Wednesday, June 14, 2017

A brief history of NHL expansion drafts getting weird

One week from today, the NHL will announce the results of the expansion draft and the Vegas Golden Knights will be born. It’s an exciting time in the NHL, with the first expansion draft since 2000 and first ever held under a salary-cap system.

But while an expansion draft is a novelty for modern NHL fans, that hasn’t always been the case. This league has done an awful lot of expanding since 1967, with some decidedly mixed results. So today, let’s take a moment to look back on the various expansion drafts that came before this one, the players that were chosen, and the oddities that always seem to pop up whenever the NHL decides to welcome new members of the family.

(Much of the information in this post was found trough the indispensable Historical Hockey blog, the HockeyDB database of expansion draft results, and


We’ll start with the big one. The 1967 expansion draft wasn’t the NHL’s first; the league had added several teams in its earliest days, all with some sort of mechanism to stock the new franchises with players from existing teams. But it was the 1967 process that spelled the end of an era, as the league doubled in size by welcoming six new teams.

As you’d expect, adding that many teams meant that a lot of guys had to be made available. But the league’s 1967 rules were actually slightly more generous to the existing teams than the 2017 draft. Teams could protect 11 skaters and one goaltender, with exemptions for younger players, and could add players to their protected list as the draft went on. (Legend has it that Habs GM Sam Pollock personally crafted the rules to ensure the best possible result for Montreal.)

Still, with so many new rosters to fill, each of the Original Six teams was going to have to cough up a total of 20 players. Think about that the next time the GM of your favourite team moans about losing a fourth-line winger to Vegas.

As with most expansion drafts, the focus was on goaltenders; only six in the entire league were initially protected, so there were plenty of big names to choose from. That included the first-overall pick, Terry Sawchuk, who went from the Maple Leafs to the Kings (although he’d threatened to retire if he was picked), as well as Glenn Hall, who went from Chicago to St. Louis with the third pick. The skaters weren’t quite so notable, although some decent picks like Jean-Paul Parise and Bill Goldsworthy were snagged.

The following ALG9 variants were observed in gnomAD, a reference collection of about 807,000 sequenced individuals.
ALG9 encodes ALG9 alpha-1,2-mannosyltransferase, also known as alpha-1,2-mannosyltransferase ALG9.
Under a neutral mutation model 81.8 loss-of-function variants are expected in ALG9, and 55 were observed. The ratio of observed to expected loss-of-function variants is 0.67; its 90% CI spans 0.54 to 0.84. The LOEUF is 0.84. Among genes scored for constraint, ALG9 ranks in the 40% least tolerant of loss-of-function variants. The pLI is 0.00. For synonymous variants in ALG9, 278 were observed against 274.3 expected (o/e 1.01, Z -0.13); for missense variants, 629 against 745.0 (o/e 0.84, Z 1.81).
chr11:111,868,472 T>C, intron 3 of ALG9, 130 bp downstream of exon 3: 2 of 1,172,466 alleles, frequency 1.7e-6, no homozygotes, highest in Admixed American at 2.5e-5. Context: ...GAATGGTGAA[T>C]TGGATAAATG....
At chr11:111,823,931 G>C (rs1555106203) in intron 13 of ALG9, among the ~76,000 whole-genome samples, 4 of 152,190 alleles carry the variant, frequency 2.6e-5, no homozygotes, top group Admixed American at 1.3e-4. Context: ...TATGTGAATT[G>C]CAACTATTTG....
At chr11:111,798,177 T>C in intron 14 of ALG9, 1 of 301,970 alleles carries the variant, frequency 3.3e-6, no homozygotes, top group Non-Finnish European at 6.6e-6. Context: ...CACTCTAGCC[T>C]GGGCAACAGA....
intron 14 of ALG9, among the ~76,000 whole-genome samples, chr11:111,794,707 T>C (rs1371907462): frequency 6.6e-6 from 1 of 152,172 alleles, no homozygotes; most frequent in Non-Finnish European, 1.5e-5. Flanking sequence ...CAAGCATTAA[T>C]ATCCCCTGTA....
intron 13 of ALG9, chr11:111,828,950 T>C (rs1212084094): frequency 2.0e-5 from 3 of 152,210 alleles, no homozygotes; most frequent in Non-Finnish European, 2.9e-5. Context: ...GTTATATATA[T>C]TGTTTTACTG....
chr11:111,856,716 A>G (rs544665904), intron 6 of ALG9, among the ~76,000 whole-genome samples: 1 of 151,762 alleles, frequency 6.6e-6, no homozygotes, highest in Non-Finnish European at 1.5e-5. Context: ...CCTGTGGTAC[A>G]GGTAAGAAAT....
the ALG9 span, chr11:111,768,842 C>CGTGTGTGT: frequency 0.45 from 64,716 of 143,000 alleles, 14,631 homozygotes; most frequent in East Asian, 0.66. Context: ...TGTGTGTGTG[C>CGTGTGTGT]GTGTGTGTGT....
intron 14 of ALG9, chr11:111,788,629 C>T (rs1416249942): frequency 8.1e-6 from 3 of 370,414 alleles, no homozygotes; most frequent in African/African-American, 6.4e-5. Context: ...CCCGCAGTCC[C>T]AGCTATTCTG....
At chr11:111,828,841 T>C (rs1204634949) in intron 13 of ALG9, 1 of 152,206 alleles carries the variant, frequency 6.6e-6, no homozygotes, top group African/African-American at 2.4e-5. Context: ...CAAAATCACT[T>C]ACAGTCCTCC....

Best player taken: With apologies to Hall and Sawchuk, the draft’s best pick was a younger goalie; the Flyers used the second-overall pick to grab Bernie Parent from the Bruins. He’d make a detour to Toronto and the WHA before rejoining the Flyers in time to win back-to-back Conn Smythe trophies.

Notable oddity: Legendary sniper Bernie Geoffrion was technically available, but all 12 teams formed a gentleman’s agreement that he wouldn’t be taken and forced to finish his career on an expansion squad.


The NHL’s next crack at expansion was a smaller one, as the Sabres and Canucks joined the league. This time, there wasn’t much to choose from, since the Original Six weren’t all that interested in helping out another wave of newcomers and the six 1967 expansion teams were all still reasonably terrible.

Only two players taken in this draft went on to score even 200 points over the remainder of their career. Gerry Meehan had 418 after being taken by Buffalo, while Mike Corrigan had 337 for the Canucks.

Best player taken: It’s probably a tossup between Meehan and Vancouver’s Orland Kurtenbach. Meehan, of course, went on to become the Sabres GM in 1986; he made the trade that brought Dominik Hasek to Buffalo. But the Sabres weren’t the only team to find a future GM in this draft, as the Canucks picked Pat Quinn with the eighth pick.

Notable oddity: The draft order was determined by the same ridiculous roulette wheel that the league infamously used (and then misread) to figure out which of Vancouver or Buffalo would get to draft Gilbert Perreault.

>> Read the full post at Sportsnet

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